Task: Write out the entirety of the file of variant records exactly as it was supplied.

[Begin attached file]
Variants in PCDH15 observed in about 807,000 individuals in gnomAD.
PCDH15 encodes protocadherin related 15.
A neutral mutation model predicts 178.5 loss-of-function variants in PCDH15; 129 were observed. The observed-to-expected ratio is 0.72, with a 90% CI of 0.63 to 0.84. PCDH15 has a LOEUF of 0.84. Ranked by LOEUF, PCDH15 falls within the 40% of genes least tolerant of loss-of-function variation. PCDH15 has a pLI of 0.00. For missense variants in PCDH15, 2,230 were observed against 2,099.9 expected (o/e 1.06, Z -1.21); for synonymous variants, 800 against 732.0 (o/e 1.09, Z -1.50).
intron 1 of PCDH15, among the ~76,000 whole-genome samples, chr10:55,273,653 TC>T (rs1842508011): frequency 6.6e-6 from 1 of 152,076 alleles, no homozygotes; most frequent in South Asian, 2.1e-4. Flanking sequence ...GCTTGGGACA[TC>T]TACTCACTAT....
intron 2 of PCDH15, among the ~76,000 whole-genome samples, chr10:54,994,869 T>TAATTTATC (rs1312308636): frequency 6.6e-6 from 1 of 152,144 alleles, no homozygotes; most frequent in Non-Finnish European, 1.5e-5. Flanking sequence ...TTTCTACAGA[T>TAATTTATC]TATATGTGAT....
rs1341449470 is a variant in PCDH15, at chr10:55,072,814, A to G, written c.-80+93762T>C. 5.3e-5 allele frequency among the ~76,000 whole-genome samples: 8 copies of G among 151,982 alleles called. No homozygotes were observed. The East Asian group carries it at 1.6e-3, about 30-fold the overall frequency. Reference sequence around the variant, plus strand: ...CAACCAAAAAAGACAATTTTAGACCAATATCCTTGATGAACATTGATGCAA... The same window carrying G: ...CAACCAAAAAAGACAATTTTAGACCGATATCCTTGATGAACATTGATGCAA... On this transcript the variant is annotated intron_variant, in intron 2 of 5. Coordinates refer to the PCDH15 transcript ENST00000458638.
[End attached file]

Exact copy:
Variants in PCDH15 observed in about 807,000 individuals in gnomAD.
PCDH15 encodes protocadherin related 15.
A neutral mutation model predicts 178.5 loss-of-function variants in PCDH15; 129 were observed. The observed-to-expected ratio is 0.72, with a 90% CI of 0.63 to 0.84. PCDH15 has a LOEUF of 0.84. Ranked by LOEUF, PCDH15 falls within the 40% of genes least tolerant of loss-of-function variation. PCDH15 has a pLI of 0.00. For missense variants in PCDH15, 2,230 were observed against 2,099.9 expected (o/e 1.06, Z -1.21); for synonymous variants, 800 against 732.0 (o/e 1.09, Z -1.50).
intron 1 of PCDH15, among the ~76,000 whole-genome samples, chr10:55,273,653 TC>T (rs1842508011): frequency 6.6e-6 from 1 of 152,076 alleles, no homozygotes; most frequent in South Asian, 2.1e-4. Flanking sequence ...GCTTGGGACA[TC>T]TACTCACTAT....
intron 2 of PCDH15, among the ~76,000 whole-genome samples, chr10:54,994,869 T>TAATTTATC (rs1312308636): frequency 6.6e-6 from 1 of 152,144 alleles, no homozygotes; most frequent in Non-Finnish European, 1.5e-5. Flanking sequence ...TTTCTACAGA[T>TAATTTATC]TATATGTGAT....
rs1341449470 is a variant in PCDH15, at chr10:55,072,814, A to G, written c.-80+93762T>C. 5.3e-5 allele frequency among the ~76,000 whole-genome samples: 8 copies of G among 151,982 alleles called. No homozygotes were observed. The East Asian group carries it at 1.6e-3, about 30-fold the overall frequency. Reference sequence around the variant, plus strand: ...CAACCAAAAAAGACAATTTTAGACCAATATCCTTGATGAACATTGATGCAA... The same window carrying G: ...CAACCAAAAAAGACAATTTTAGACCGATATCCTTGATGAACATTGATGCAA... On this transcript the variant is annotated intron_variant, in intron 2 of 5. Coordinates refer to the PCDH15 transcript ENST00000458638.